There is a small seaside town about two hours north of where we live; a charming place, filled with home-grown berry pies, antique shops, rolling pine-covered hills and a great arcing bay called Moonstone Beach.
There is a wooden walkway around this bay,
bounded by rope and post,
inhabited by gulls and the occasional sea lion.
The coastline is dramatic here,
rugged and noisy,
colorful and dizzy-making.
The waves crash over rocks,
some of them as high as the 'mountains'
found in the eastern half of this great country of ours.
One of them even has a name: Morro Rock.
Our destination was north of there,
a place called Cambria - pronounced
two ways, depending on which side
of the town you choose to believe:
It's spelled Cambria.
We took four days away, right after Christmas,
with our oldest daughter, her new husband and her three sons. They rented a house-on-the-hill; we rented a room at the Fogcatcher Inn. Good choice. The walkway pictured above was just cross the parking lot.
One of those four days, we all took a drive,
up Highway One toward Big Sur.
If you've never done this, I cannot encourage you strongly enough to
TAKE ANY OPPORTUNITY YOU FIND to do so.
Especially if the weather is clear.
It's winding and wild, breathtakingly beautiful,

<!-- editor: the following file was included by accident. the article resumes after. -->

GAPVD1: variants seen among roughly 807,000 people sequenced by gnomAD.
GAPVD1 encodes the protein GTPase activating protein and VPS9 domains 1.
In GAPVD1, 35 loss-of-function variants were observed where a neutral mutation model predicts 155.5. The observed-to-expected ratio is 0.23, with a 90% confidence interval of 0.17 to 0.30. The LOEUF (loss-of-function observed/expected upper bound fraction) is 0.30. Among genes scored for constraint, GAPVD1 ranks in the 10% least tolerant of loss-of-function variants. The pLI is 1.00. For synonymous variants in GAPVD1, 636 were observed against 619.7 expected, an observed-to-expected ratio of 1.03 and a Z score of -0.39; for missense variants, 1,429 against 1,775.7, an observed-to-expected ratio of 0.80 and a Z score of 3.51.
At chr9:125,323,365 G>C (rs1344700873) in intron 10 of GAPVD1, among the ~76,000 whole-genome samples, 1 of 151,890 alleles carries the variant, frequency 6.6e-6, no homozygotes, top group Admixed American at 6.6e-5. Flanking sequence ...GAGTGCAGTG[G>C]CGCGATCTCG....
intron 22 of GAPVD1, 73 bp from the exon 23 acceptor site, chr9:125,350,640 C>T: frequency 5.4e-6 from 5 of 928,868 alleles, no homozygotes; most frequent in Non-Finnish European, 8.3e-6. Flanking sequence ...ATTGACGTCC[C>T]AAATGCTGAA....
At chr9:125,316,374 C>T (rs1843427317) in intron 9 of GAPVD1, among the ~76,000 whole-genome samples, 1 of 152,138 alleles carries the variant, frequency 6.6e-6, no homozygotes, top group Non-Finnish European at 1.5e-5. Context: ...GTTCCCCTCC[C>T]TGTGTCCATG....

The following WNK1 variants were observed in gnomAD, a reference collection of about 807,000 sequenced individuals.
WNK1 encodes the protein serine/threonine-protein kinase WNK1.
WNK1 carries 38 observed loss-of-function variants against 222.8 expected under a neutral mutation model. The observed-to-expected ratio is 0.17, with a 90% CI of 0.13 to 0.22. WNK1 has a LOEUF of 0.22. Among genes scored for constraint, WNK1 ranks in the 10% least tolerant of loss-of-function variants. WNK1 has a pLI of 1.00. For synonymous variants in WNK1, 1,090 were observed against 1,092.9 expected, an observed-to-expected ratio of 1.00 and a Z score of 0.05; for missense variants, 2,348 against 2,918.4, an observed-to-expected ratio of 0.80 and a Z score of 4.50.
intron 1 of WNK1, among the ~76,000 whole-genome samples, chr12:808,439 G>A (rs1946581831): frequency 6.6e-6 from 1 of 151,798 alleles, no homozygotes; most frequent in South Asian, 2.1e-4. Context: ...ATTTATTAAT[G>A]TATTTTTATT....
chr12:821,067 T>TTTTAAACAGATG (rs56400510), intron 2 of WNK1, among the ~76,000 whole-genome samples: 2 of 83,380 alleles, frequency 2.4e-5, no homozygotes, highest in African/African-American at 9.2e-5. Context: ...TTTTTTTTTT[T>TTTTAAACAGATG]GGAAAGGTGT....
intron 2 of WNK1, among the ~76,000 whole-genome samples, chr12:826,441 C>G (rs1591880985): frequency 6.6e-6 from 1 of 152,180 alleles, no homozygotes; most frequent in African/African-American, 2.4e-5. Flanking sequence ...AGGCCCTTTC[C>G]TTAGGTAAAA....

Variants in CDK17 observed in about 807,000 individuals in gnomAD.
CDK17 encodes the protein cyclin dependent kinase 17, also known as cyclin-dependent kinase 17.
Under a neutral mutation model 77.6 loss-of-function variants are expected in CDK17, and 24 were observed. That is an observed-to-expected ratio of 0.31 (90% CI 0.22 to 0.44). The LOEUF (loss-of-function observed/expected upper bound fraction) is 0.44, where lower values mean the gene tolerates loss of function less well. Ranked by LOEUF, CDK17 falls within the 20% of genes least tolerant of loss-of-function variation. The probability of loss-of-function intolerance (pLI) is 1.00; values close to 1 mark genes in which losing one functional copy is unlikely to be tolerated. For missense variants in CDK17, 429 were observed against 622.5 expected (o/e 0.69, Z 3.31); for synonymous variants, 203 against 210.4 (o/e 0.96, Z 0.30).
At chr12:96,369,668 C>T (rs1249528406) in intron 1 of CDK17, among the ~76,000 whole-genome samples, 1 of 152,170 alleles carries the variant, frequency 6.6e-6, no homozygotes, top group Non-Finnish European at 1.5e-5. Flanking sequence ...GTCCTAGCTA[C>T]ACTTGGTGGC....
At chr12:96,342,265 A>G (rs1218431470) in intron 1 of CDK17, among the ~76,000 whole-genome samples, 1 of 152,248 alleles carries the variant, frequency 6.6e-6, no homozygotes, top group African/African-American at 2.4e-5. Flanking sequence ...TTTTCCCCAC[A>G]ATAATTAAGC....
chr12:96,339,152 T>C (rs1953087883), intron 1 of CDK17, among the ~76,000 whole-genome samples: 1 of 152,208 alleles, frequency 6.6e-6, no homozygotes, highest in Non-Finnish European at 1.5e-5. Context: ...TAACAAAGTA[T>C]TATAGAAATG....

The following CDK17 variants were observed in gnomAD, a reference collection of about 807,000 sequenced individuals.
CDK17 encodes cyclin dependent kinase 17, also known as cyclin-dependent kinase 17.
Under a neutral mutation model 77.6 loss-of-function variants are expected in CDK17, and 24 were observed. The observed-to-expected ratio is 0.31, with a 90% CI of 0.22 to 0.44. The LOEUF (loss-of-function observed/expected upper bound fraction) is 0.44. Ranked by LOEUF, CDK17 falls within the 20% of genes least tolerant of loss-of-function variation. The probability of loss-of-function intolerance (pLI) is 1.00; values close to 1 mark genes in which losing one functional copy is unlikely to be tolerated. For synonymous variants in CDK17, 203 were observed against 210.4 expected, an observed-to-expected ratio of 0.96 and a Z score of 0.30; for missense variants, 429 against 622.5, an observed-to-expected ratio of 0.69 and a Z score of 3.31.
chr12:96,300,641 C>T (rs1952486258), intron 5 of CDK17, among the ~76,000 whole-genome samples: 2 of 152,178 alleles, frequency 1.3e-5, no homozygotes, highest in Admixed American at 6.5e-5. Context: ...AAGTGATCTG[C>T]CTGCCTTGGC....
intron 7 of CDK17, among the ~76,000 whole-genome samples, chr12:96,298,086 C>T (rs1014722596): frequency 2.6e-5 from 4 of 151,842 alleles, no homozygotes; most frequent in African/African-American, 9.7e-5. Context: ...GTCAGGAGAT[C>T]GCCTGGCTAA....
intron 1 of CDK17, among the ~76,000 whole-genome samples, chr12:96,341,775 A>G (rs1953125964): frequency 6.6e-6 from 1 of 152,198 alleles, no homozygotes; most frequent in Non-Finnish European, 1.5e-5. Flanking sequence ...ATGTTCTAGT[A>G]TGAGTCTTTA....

and typically California.
Much more California than either
Los Angeles or San Francisco.
Those cities are magical in their own unique ways, but this?
This is the real deal, the pristine beauty
of desert mountains hugging the sea,
wildflowers, strange sea creatures
(for another post - amazing),
and views up the wazoo.
Lisa packed us a wonderful picnic lunch and we took it up above the highway, on the road to the New Camaldoli Hermitage Retreat Center (I posted a couple of pictures from that glorious place in this post.)
That ribbon of road is the famous One - stretching for 70 miles of steep turns and high cliffs between Morro Bay and Carmel. We went about 2/3 of the way up. (The retreat center is near the beginning of the Big Sur Wilderness Area.)
We took a few quiet moments to explore the chapel building after we ate our lunch and the light was just right to the north, making interesting patterns on the walls.
The wild pampas grass was mostly sticks,
except for this one bend in the road,
where we caught a glimpse of the furry fronds
waving at us as we followed the curve.
The rock formations at the inlet to Julia Pfeiffer State Park are unusually captivating, filling pictorial calendars across the state.
We've been blessed in our lifetime to travel a number of coastal highways -
The Garden Route in South Africa,
the Cinque Terre in Italy,
the cliffs of Dover and Cornwall and Devon in England,
the Burren in Ireland
(and the fingered south west coast on that magical island).
And I've got to say that this is a match for any of those
in natural beauty and heart-stopping drama.
We came back down the road as the sun began to set,
following its path for miles and miles.
It was a restful time, rich in beauty and good company.
After the busyness of the holiday season,
and before the rigors of my mother's move to assisted living,
these four days provided respite, refreshment, re-connection.
I am grateful beyond words to live where I do,
to have easy access to places like this,
to have a husband and family who tolerate my excessive ooh-ing and ahh-ing over every rock/stick/shell/bird/cloud or wave and who actually encourage me to take more pictures.
Even in the middle of messiness, pain and loss,
life is good. God is good. And Beauty soothes every bump.